“Are they serving anything aside from orgeat and negus? Something stronger, perhaps?” It had taken less than a minute to alter his life. With Gervase’s fall from a horse five years ago, Graham had become Marquess of Haven. But each time someone referred to him as Haven, he felt a horrible ache. A hot spear of anguish, knowing his brother was forever gone. That Graham himself was nothing but a usurper. “I believe there are some brandy stores in the library,” Percy observed drily. “Shall we reconnoiter there and see if we can liberate some?” “Not just yet,” he found himself saying, his gaze traveling, inevitably, back to Hannah. He wished he could say the last five years had been unkind to her. She was still the most haunting beauty he had ever beheld. Her golden hair, which he knew possessed a natural curl and felt like spun silk sifting through his fingers, was lustrous as ever beneath the blazing light of the chandeliers.

She looked slimmer than he recalled. It appeared as if she were playing the role of shepherdess for her twin sisters, hovering over them as two suitors approached. “Are you acquainted with Lady Fawkesbury, old chap?” Percy asked, dragging Graham’s gaze away from her once more. He wished he could unsee her. Unlove her. He wished he could stop his foolish, useless heart from pounding so damn hard. “I was,” he clipped, frowning at his friend to discourage further discussion of her. “Her brother How odd was it—nay, how impossible—that the only woman he had ever wanted to marry should . In the same house, beneath the same roof. Closer than she had ever been in years.

Their gazes had fleetingly met across the sea of merrymakers, clashing. He had lost his breath. His heart had hammered faster than the hooves of a runaway stallion The way it had all come rushing back to him. One look was all it had required. And he could envision the sensation of her velvet-smooth skin beneath his questing fingertips. He could hear her sweet gasp of pleasure. He could feel her body under his, giving, surrendering, fooling him into Graham’s fists were balled at his sides, and he realized, quite belatedly, he was clenching his jaw “Bloody hell, Haven, you look as if you have just seen a ghost,” observed his friend, Lord Percy, like, Graham, had been born a second son. Unlike Graham, however, Percy’s brother, the wastrel Duke of Bellingham, was still very much alive. Gervase was not so fortunate, and neither was Graham. The Haven marquisate was a curse and a burden, and Graham had damn well never wanted seen a specter of sorts,” he forced himself to say.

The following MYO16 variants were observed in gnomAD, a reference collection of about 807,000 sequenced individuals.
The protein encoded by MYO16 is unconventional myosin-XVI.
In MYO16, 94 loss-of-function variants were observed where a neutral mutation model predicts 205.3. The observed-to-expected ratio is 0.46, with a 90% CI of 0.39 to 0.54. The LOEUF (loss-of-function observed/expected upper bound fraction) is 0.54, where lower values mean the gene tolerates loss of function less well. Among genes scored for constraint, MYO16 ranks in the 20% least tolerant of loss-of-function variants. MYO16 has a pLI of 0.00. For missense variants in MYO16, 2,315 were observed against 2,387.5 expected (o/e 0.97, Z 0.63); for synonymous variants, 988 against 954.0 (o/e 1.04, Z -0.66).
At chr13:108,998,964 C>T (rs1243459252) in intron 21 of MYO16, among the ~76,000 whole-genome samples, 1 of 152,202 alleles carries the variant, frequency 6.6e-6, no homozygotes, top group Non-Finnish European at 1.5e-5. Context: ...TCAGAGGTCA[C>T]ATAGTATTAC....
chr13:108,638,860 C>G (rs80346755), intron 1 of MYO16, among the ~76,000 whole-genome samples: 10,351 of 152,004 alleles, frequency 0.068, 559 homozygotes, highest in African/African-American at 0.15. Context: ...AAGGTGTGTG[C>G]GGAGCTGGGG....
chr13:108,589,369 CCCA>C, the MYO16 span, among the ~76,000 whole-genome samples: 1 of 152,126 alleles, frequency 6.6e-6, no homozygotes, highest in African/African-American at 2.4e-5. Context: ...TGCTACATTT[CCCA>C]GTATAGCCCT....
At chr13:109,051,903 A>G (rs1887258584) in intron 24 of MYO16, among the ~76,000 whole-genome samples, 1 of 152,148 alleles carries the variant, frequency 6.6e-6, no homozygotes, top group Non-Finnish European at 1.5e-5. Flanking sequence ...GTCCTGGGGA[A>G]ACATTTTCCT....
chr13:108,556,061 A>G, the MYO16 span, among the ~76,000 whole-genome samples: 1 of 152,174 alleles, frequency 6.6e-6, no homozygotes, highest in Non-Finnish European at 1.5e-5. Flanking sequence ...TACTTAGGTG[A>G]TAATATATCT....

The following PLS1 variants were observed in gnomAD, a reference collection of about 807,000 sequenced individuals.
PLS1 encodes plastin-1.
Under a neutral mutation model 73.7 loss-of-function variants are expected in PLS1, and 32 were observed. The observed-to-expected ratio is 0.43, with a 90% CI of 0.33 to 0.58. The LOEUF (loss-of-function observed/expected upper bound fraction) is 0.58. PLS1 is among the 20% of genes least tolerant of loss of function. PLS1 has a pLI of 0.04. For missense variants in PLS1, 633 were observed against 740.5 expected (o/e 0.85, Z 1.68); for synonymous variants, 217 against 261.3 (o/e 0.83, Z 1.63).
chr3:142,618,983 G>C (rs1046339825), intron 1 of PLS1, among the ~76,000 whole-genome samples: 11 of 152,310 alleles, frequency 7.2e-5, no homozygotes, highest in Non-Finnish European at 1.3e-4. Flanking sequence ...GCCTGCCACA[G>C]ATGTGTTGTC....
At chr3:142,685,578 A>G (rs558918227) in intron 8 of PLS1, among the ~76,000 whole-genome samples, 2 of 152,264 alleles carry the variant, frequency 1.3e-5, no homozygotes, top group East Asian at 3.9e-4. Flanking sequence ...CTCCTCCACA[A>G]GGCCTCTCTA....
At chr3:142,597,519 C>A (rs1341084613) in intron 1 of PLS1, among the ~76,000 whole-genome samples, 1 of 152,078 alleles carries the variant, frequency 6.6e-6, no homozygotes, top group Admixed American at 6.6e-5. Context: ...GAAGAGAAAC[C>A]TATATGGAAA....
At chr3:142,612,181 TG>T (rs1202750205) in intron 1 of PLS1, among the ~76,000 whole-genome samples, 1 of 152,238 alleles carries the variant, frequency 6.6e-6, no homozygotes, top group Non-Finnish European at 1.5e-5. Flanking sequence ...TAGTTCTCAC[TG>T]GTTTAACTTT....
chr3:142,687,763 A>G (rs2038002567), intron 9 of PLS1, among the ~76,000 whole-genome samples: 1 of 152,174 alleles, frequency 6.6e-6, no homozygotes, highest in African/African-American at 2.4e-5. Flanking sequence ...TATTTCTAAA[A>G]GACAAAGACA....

“Are they serving anything aside from It had taken less than a minute to alter his life. With Gervase’s fall from a horse five years ago, Graham had become Marquess of Haven. But each time someone referred to him as Haven, he felt a horrible ache. A hot spear of anguish, knowing his brother was forever gone. That Graham himself “I believe there are some brandy stores in the library,” Percy observed drily. “Shall we He wished he could say the last five years had been unkind to her. She was still the most haunting beauty he had ever beheld. Her golden hair, which he knew possessed a natural curl and felt like spun silk sifting through his fingers, was lustrous as ever beneath the blazing light of the chandeliers. She looked slimmer than he recalled. It appeared as if she were playing the role of shepherdess for her “Are you acquainted with Lady Fawkesbury, old chap?” Percy asked, dragging Graham’s gaze “I was,” he clipped, frowning at his friend to discourage further discussion of her.